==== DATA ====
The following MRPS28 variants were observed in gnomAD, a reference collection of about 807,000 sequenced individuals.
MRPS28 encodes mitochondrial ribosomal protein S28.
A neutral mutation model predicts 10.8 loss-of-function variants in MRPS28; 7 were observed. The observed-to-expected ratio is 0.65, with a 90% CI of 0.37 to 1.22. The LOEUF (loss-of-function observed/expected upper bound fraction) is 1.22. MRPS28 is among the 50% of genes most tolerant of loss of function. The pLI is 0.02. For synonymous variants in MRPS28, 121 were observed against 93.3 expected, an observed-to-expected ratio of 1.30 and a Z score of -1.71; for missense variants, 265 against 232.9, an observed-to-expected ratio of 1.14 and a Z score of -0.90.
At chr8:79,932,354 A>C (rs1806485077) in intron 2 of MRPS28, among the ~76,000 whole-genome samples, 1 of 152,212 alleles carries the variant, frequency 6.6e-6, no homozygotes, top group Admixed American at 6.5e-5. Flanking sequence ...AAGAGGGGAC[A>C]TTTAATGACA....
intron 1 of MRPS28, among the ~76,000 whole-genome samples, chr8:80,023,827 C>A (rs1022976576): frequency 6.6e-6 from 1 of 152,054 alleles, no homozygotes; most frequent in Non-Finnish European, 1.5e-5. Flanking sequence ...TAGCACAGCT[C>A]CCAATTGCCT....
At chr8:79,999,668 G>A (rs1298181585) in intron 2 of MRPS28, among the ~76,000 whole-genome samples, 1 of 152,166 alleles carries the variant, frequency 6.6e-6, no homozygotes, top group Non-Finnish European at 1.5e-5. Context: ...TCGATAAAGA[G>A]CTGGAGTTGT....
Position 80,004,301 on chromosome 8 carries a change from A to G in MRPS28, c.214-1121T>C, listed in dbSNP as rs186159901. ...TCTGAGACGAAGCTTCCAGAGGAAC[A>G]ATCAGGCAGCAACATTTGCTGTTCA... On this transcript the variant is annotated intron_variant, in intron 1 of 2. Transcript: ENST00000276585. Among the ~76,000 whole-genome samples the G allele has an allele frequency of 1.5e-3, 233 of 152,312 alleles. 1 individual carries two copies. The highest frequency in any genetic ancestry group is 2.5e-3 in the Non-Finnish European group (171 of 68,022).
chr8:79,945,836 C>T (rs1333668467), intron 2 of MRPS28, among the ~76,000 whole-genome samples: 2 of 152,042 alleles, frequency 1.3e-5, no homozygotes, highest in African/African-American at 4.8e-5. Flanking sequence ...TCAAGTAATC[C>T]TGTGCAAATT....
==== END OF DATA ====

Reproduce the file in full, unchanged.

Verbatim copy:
The following MRPS28 variants were observed in gnomAD, a reference collection of about 807,000 sequenced individuals.
MRPS28 encodes mitochondrial ribosomal protein S28.
A neutral mutation model predicts 10.8 loss-of-function variants in MRPS28; 7 were observed. The observed-to-expected ratio is 0.65, with a 90% CI of 0.37 to 1.22. The LOEUF (loss-of-function observed/expected upper bound fraction) is 1.22. MRPS28 is among the 50% of genes most tolerant of loss of function. The pLI is 0.02. For synonymous variants in MRPS28, 121 were observed against 93.3 expected, an observed-to-expected ratio of 1.30 and a Z score of -1.71; for missense variants, 265 against 232.9, an observed-to-expected ratio of 1.14 and a Z score of -0.90.
At chr8:79,932,354 A>C (rs1806485077) in intron 2 of MRPS28, among the ~76,000 whole-genome samples, 1 of 152,212 alleles carries the variant, frequency 6.6e-6, no homozygotes, top group Admixed American at 6.5e-5. Flanking sequence ...AAGAGGGGAC[A>C]TTTAATGACA....
intron 1 of MRPS28, among the ~76,000 whole-genome samples, chr8:80,023,827 C>A (rs1022976576): frequency 6.6e-6 from 1 of 152,054 alleles, no homozygotes; most frequent in Non-Finnish European, 1.5e-5. Flanking sequence ...TAGCACAGCT[C>A]CCAATTGCCT....
At chr8:79,999,668 G>A (rs1298181585) in intron 2 of MRPS28, among the ~76,000 whole-genome samples, 1 of 152,166 alleles carries the variant, frequency 6.6e-6, no homozygotes, top group Non-Finnish European at 1.5e-5. Context: ...TCGATAAAGA[G>A]CTGGAGTTGT....
Position 80,004,301 on chromosome 8 carries a change from A to G in MRPS28, c.214-1121T>C, listed in dbSNP as rs186159901. ...TCTGAGACGAAGCTTCCAGAGGAAC[A>G]ATCAGGCAGCAACATTTGCTGTTCA... On this transcript the variant is annotated intron_variant, in intron 1 of 2. Transcript: ENST00000276585. Among the ~76,000 whole-genome samples the G allele has an allele frequency of 1.5e-3, 233 of 152,312 alleles. 1 individual carries two copies. The highest frequency in any genetic ancestry group is 2.5e-3 in the Non-Finnish European group (171 of 68,022).
chr8:79,945,836 C>T (rs1333668467), intron 2 of MRPS28, among the ~76,000 whole-genome samples: 2 of 152,042 alleles, frequency 1.3e-5, no homozygotes, highest in African/African-American at 4.8e-5. Flanking sequence ...TCAAGTAATC[C>T]TGTGCAAATT....